General physical fitness is improved through the process of training our physical qualities. This should entail an assessment of the initial status in order to identify specific limitations and outline a specific intervention strategy. One should always start at the base and progress from there, just like the process of learning to play a musical instrument. Here, attention to detail is key. A well-designed training program implies the management of training variables specific to the profile and objectives of the athlete or, in this case, the musician. A correct selection of exercises is crucial, as well as close monitoring of their implementation regarding form of execution, training load and progression over time. As I mentioned, it is not very different from the process of learning to play a musical instrument!

For a musician, playing the instrument is the top priority. It can be obsessive, I know. But playing better in the long run does not necessarily mean playing more hours, but rather investing in taking care of the ‘’machine’’ that is our body. I reiterate once more that playing with pain or discomfort is an option and not an inevitability. Take care of your body and treat it well, because you will need it in the long run!

Train well to play well!

Nuno Correia


  1. Gallego, C., Ros, C., Ruíz, L., Martín, J. (2019). The physical training for musicians. Systematic review. Sportis Sci J, 5 (3), 532-561.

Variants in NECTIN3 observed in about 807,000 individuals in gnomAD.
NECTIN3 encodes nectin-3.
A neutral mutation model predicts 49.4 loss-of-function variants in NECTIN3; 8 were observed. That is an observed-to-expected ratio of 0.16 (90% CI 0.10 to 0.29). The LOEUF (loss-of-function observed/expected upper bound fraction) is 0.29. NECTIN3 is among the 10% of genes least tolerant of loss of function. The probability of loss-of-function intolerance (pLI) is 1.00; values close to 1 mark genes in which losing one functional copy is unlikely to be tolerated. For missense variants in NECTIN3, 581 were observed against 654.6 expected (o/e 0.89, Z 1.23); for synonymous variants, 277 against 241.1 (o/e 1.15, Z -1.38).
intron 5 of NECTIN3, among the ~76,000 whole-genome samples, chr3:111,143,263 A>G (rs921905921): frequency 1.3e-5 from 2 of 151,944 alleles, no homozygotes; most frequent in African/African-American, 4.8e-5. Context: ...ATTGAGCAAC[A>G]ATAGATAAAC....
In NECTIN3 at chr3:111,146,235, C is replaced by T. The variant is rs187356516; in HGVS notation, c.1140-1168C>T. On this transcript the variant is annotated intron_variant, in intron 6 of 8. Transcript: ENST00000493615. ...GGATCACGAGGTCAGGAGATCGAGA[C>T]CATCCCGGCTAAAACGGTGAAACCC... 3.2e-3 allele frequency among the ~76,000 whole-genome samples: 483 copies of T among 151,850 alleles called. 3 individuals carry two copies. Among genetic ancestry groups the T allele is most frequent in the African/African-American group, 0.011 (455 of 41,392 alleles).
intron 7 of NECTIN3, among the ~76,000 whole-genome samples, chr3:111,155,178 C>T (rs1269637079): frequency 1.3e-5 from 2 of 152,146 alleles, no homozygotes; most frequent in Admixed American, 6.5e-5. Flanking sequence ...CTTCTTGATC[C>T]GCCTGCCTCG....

2. Lederman, R. J. (2003). Neuromuscular and musculoskeletal problems in instrumental musicians. Muscle & Nerve, 27(5), 549–561.
  3. Betancor Almeida, I. (2011). Hábitos de actividad física en músicos de orquestas sinfónicas profesionales: un análisis empírico de ámbito internaciona Tesis Doctoral. Universidad de Las Palmas de Gran Canaria, Las Palmas de Gran Canaria.
  4. Fishbein, M., Middlestadt, S., Ottati, V., Straus, S., y Ellis, A. (1988). Medical problems among ICSOM musicians: Overview of a national survey. Medical Problems of Performing Artists, 3(1), 1–8.
  5. Viaño, J. J. (2004). Estudio de la relación entre la apariciación de lesiones musculoesqueléticas en músicos instrumentistas y hábitos de actividad física y vida diaria. En III Congreso De La Asociación Española de Ciencias Del Deporte. Valencia: Universidad de A Coruña.
  6. Rosset-Llobet, J., Candia, V., Fàbregas, S., Ray, W., & Pascual-Leone, A. (2007). Secondary motor disturbances in 101 patients with musician’s dystonia. Journal of neurology, neurosurgery, and psychiatry, 78(9), 949–953.
  7. Sardá, E. (2003). En forma: ejercicios para músicos. Barcelona: Paidos.